While the earthen levee is excavated, walkers will not be able to use the walkway located on top of the levee to access the Fourth Street Bridge. Signs will be posted.

Separate Storm Water Pipe from Sanitary Sewer Pipe near Newport on the Levee

Sanitation District No. 1 will soon begin work on the final phase of a project to separate storm water pipe from sanitary sewer pipe near Newport on the Levee. 

During this final phase of a project that started in 2018 with the installation of a separate storm water pipe through the earthen levee to the Ohio River, additional storm sewer will be installed along Dave Cowens Drive and Washington Street. This will complete the separation of storm and sanitary sewer pipe along Washington Avenue south to East 9th Street and Saratoga Street south to just past East 7th Street.

Once this final phase is completed, the sewer separation will eliminate 15 million gallons of typical-year combined sewer overflow (CSO) in the area, moving SD1 closer to its Clean H2O40 goal of recapturing 85 percent of typical-year Northern Kentucky CSO volume by the year 2040.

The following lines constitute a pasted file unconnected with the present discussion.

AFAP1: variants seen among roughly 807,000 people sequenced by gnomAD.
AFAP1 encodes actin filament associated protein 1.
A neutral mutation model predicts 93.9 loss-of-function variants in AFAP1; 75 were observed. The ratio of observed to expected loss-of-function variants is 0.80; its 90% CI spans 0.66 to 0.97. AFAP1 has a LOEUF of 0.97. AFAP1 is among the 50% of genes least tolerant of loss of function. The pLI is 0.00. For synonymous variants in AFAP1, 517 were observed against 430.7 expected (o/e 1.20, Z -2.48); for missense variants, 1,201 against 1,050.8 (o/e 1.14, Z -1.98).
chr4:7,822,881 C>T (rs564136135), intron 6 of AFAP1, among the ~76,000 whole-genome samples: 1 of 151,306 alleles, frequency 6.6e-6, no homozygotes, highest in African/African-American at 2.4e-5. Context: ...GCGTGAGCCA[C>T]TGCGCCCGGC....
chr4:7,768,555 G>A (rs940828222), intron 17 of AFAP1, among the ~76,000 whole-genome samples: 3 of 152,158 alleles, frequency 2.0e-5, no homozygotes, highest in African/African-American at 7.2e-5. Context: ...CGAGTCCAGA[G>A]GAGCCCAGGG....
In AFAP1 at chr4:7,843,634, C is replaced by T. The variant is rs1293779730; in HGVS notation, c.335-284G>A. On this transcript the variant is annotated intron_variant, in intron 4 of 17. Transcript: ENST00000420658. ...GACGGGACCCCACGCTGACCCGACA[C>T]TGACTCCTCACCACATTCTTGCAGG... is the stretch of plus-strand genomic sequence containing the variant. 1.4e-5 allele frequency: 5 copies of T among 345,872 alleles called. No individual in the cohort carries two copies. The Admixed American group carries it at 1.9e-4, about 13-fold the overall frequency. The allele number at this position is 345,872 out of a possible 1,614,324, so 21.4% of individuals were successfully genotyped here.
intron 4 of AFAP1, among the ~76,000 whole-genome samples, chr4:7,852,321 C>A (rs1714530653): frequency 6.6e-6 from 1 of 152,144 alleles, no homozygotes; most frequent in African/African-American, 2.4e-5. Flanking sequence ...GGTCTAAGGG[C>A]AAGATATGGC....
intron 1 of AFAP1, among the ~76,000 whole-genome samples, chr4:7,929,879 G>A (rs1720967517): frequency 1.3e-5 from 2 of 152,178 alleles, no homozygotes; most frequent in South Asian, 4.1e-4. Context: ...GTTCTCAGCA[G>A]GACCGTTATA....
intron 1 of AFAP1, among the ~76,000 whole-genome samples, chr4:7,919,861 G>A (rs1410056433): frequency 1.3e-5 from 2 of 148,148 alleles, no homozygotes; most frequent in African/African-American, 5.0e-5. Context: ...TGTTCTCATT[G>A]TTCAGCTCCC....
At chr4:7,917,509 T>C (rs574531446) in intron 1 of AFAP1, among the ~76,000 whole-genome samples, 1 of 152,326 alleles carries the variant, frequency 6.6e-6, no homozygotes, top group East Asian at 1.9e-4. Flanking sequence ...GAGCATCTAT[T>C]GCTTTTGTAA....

The project, at a total cost of $957,054, will also increase capacity in this area of Newport, improving drainage conditions and reducing the potential for flooding and building backups. The project will also promote redevelopment in the urban corridor by softening storm water management requirements due to the creation of a separate system.

“This separation project is another example of SD1’s commitment to maximizing the impact of our work in Northern Kentucky,” said SD1 Executive Director Adam Chaney. “While accomplishing our Clean H2O40 goals is important, we also regularly look for opportunities to reduce flooding and backups and promote growth and development. This project checks all of those boxes.”

The project is expected to be completed by April 2021.

Highlands-Boyle County Football Preview

Bluebirds Face Big Test Friday

Highlands sophomore quarterback Charlie Noon (1) runs away from Ryle senior linebacker Jackson Belk (42) in the 23-14 Highlands win Friday. Noon has 298 yards rushing on 46 carries and three touchdowns for an average of nearly 6.5 yards per carry rushing on the season. Highlands takes on undefeated Boyle County at 7:30 p.m. Friday. (Img: Ed Harber)

By G. Michael Graham

The final game before district play will be a dandy for the Highlands Bluebirds football team.